Not Your Lucky Day

It is well-known among my friends at least, and somewhat of an inside joke, that I am not a particularly lucky person in many ways. I have a knack for bad timing that is pretty legendary, whether this means going to countries right when there is a coup attempt or civil war, or ending up in awkward situations with an alarming frequency. That said, it is probably a good thing that I don’t live in New York City, where the NYPD apparently takes bad timing to whole new levels. New York City has a well-earned reputation as a nanny state approaching Singapore (which is not a good thing), and today I read a story that helps explain why [1].

Among the many reality television shows around that showcase the behavior of police officers and criminals, and there are many such shows in existence, one of the more entertaining ones is a show called Bait Car. In the show police leave an unlocked car in a sketchy neighborhood and wait for people to take it for a joyride, and then swoop down and arrest them for grand theft auto with the video evidence in the car being used to increase the conviction rate. It is rather sad to see people take the bait and lie about the circumstances, pretending to own the car or something like that. One would think that after a while one would become suspicious of unlocked cars and therefore more inclined to behave in a law-abiding manner. Unfortunately, this does not seem to be the case, as often the greed and curiosity of people exceeds their suspicion.

However, there are times when the police go way too far. The whole idea of a bait car, or a lucky bag, or anything like that strikes of entrapment, of enticing people to sin, that is wrongful. Even among those who consider the tactic to be acceptable see limits on that tactic, and a New York City mother and daughter found out the hard way that even looking at items left in a bait car after a fake police chase draws attention can lead to a false accusation and to a lengthy and expensive legal battle. Certainly jailing people, or threatening to jail them, for showing even the slightest curiosity toward the property of others that has been strategically left unattended will reduce crime, because people should get wary after a while, but there may be some unintentional consequences to this practice that have not been examined.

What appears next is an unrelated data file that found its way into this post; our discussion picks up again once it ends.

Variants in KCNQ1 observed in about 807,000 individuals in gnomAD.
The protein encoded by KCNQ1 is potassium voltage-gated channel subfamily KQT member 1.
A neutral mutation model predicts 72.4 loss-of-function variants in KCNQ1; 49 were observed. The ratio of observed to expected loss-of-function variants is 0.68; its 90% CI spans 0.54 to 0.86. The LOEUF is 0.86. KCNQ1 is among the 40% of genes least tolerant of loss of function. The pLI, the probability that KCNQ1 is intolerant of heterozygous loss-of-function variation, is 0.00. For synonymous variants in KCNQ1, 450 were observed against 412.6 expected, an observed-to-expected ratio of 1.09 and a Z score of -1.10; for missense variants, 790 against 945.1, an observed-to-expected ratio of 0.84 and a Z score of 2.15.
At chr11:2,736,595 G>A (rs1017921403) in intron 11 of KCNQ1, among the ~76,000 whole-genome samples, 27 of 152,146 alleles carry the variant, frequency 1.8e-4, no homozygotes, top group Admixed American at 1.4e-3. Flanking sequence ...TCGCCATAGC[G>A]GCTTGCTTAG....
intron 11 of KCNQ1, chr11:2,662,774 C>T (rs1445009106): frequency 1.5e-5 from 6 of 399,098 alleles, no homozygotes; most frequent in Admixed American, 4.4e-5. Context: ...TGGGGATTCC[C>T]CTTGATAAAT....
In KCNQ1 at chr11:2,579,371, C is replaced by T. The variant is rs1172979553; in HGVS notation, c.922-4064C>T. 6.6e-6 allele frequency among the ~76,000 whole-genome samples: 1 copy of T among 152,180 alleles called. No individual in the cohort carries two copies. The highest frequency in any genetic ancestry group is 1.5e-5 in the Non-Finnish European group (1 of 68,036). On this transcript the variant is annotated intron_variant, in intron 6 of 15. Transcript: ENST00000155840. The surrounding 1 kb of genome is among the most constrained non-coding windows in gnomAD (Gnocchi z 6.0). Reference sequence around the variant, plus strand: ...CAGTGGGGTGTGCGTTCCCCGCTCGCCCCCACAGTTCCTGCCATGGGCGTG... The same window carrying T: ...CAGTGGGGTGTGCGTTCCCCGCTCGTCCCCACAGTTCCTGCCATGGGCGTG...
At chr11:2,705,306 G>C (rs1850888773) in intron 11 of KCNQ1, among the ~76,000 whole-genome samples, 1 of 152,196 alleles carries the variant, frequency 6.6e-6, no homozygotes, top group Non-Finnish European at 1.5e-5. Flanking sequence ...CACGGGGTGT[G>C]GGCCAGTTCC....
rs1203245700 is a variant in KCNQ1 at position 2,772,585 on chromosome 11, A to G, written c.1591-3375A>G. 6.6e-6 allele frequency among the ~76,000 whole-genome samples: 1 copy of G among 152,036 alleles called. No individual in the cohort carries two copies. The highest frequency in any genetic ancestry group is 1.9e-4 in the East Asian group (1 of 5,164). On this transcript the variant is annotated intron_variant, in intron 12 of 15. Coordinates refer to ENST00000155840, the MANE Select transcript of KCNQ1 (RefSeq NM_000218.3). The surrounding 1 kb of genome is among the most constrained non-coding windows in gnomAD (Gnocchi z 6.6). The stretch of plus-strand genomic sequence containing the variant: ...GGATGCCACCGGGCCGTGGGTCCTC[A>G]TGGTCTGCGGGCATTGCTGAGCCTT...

Among these consequences is increased hostility and suspicion of the police and government at large. Few people (aside from criminals) would begrudge the police departments of the world from investigating crimes and seeking to solve them. In fact, with some crimes (like rape and child abuse), the police can often be faulted for not doing enough against these crimes for a variety of reasons. When police departments move from this task to setting up people to lure them into committing crimes, then the matter becomes different. It is hard to be sympathetic with those who are actually thieves, since they did wrong and deserve punishment for their sins. However, when those who ought to defend the law and the population adopt dishonorable tactics, that dishonorable behavior and corruption can easily spread to other areas. All of us struggle against wrongful desires of some kind, and if it is okay to set traps for one type of lust, it is all too easy to ensnare anyone else. Even those who are virtuous and merely curious may be ensnared by overzealous law enforcement. In our desire to stop crime, we need to be careful to avoid becoming criminals ourselves.

[1] http://news.yahoo.com/bait-nypd-anti-theft-tactics-criticized-151905239.html

About nathanalbright

I'm a person with diverse interests who loves to read. If you want to know something about me, just ask.
This entry was posted in Christianity, Musings and tagged , , , . Bookmark the permalink.

1 Response to Not Your Lucky Day

  1. Pingback: One Headlight | Edge Induced Cohesion

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